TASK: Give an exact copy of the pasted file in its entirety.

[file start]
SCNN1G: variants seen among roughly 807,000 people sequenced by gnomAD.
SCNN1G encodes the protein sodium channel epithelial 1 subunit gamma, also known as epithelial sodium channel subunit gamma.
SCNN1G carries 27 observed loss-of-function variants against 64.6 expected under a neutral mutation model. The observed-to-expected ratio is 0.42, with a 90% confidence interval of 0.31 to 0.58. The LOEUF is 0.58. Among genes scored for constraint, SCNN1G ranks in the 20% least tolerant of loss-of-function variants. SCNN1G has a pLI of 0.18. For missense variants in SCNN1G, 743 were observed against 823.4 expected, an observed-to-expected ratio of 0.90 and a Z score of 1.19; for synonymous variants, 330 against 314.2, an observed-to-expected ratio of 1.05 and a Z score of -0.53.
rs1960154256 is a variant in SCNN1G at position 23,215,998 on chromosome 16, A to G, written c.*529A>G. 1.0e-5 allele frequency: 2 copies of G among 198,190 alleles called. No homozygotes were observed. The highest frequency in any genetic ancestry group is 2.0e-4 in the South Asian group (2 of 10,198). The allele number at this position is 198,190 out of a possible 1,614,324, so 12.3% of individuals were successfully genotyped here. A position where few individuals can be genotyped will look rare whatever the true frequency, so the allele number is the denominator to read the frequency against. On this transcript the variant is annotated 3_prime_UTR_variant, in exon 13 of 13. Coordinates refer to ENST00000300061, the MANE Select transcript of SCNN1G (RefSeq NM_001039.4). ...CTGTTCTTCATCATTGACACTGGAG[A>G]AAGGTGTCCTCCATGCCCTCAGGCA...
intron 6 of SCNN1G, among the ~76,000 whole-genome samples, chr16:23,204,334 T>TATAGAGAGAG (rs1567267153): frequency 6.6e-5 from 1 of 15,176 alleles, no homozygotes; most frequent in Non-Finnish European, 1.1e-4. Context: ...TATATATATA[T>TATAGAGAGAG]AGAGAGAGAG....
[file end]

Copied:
SCNN1G: variants seen among roughly 807,000 people sequenced by gnomAD.
SCNN1G encodes the protein sodium channel epithelial 1 subunit gamma, also known as epithelial sodium channel subunit gamma.
SCNN1G carries 27 observed loss-of-function variants against 64.6 expected under a neutral mutation model. The observed-to-expected ratio is 0.42, with a 90% confidence interval of 0.31 to 0.58. The LOEUF is 0.58. Among genes scored for constraint, SCNN1G ranks in the 20% least tolerant of loss-of-function variants. SCNN1G has a pLI of 0.18. For missense variants in SCNN1G, 743 were observed against 823.4 expected, an observed-to-expected ratio of 0.90 and a Z score of 1.19; for synonymous variants, 330 against 314.2, an observed-to-expected ratio of 1.05 and a Z score of -0.53.
rs1960154256 is a variant in SCNN1G at position 23,215,998 on chromosome 16, A to G, written c.*529A>G. 1.0e-5 allele frequency: 2 copies of G among 198,190 alleles called. No homozygotes were observed. The highest frequency in any genetic ancestry group is 2.0e-4 in the South Asian group (2 of 10,198). The allele number at this position is 198,190 out of a possible 1,614,324, so 12.3% of individuals were successfully genotyped here. A position where few individuals can be genotyped will look rare whatever the true frequency, so the allele number is the denominator to read the frequency against. On this transcript the variant is annotated 3_prime_UTR_variant, in exon 13 of 13. Coordinates refer to ENST00000300061, the MANE Select transcript of SCNN1G (RefSeq NM_001039.4). ...CTGTTCTTCATCATTGACACTGGAG[A>G]AAGGTGTCCTCCATGCCCTCAGGCA...
intron 6 of SCNN1G, among the ~76,000 whole-genome samples, chr16:23,204,334 T>TATAGAGAGAG (rs1567267153): frequency 6.6e-5 from 1 of 15,176 alleles, no homozygotes; most frequent in Non-Finnish European, 1.1e-4. Context: ...TATATATATA[T>TATAGAGAGAG]AGAGAGAGAG....